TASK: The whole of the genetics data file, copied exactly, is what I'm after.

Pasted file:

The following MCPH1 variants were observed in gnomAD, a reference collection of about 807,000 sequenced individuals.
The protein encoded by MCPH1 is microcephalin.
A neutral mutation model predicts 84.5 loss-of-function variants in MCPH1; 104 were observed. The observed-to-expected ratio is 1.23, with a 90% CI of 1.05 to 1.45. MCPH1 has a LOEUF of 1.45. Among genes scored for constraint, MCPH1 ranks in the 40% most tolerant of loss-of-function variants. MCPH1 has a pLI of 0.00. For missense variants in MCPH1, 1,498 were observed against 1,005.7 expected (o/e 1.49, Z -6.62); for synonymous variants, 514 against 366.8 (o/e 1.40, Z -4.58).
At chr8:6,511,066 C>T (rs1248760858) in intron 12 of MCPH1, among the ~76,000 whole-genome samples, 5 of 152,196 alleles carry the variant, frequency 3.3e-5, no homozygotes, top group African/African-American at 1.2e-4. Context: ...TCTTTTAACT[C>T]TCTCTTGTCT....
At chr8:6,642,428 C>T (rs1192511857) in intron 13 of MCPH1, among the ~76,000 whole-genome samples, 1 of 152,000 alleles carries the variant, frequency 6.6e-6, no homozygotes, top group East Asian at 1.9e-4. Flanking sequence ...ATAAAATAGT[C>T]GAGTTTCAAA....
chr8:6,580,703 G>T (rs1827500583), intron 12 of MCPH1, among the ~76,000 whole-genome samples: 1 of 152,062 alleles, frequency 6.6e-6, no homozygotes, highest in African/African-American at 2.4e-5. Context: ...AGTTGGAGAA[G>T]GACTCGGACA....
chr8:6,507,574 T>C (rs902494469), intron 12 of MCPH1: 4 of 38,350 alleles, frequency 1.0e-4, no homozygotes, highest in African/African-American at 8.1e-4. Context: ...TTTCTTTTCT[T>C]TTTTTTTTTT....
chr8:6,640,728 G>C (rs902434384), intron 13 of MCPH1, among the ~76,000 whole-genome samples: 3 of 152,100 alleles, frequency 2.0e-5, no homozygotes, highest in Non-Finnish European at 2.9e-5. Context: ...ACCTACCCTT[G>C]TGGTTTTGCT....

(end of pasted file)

The following MCPH1 variants were observed in gnomAD, a reference collection of about 807,000 sequenced individuals.
The protein encoded by MCPH1 is microcephalin.
A neutral mutation model predicts 84.5 loss-of-function variants in MCPH1; 104 were observed. The observed-to-expected ratio is 1.23, with a 90% CI of 1.05 to 1.45. MCPH1 has a LOEUF of 1.45. Among genes scored for constraint, MCPH1 ranks in the 40% most tolerant of loss-of-function variants. MCPH1 has a pLI of 0.00. For missense variants in MCPH1, 1,498 were observed against 1,005.7 expected (o/e 1.49, Z -6.62); for synonymous variants, 514 against 366.8 (o/e 1.40, Z -4.58).
At chr8:6,511,066 C>T (rs1248760858) in intron 12 of MCPH1, among the ~76,000 whole-genome samples, 5 of 152,196 alleles carry the variant, frequency 3.3e-5, no homozygotes, top group African/African-American at 1.2e-4. Context: ...TCTTTTAACT[C>T]TCTCTTGTCT....
At chr8:6,642,428 C>T (rs1192511857) in intron 13 of MCPH1, among the ~76,000 whole-genome samples, 1 of 152,000 alleles carries the variant, frequency 6.6e-6, no homozygotes, top group East Asian at 1.9e-4. Flanking sequence ...ATAAAATAGT[C>T]GAGTTTCAAA....
chr8:6,580,703 G>T (rs1827500583), intron 12 of MCPH1, among the ~76,000 whole-genome samples: 1 of 152,062 alleles, frequency 6.6e-6, no homozygotes, highest in African/African-American at 2.4e-5. Context: ...AGTTGGAGAA[G>T]GACTCGGACA....
chr8:6,507,574 T>C (rs902494469), intron 12 of MCPH1: 4 of 38,350 alleles, frequency 1.0e-4, no homozygotes, highest in African/African-American at 8.1e-4. Context: ...TTTCTTTTCT[T>C]TTTTTTTTTT....
chr8:6,640,728 G>C (rs902434384), intron 13 of MCPH1, among the ~76,000 whole-genome samples: 3 of 152,100 alleles, frequency 2.0e-5, no homozygotes, highest in Non-Finnish European at 2.9e-5. Context: ...ACCTACCCTT[G>C]TGGTTTTGCT....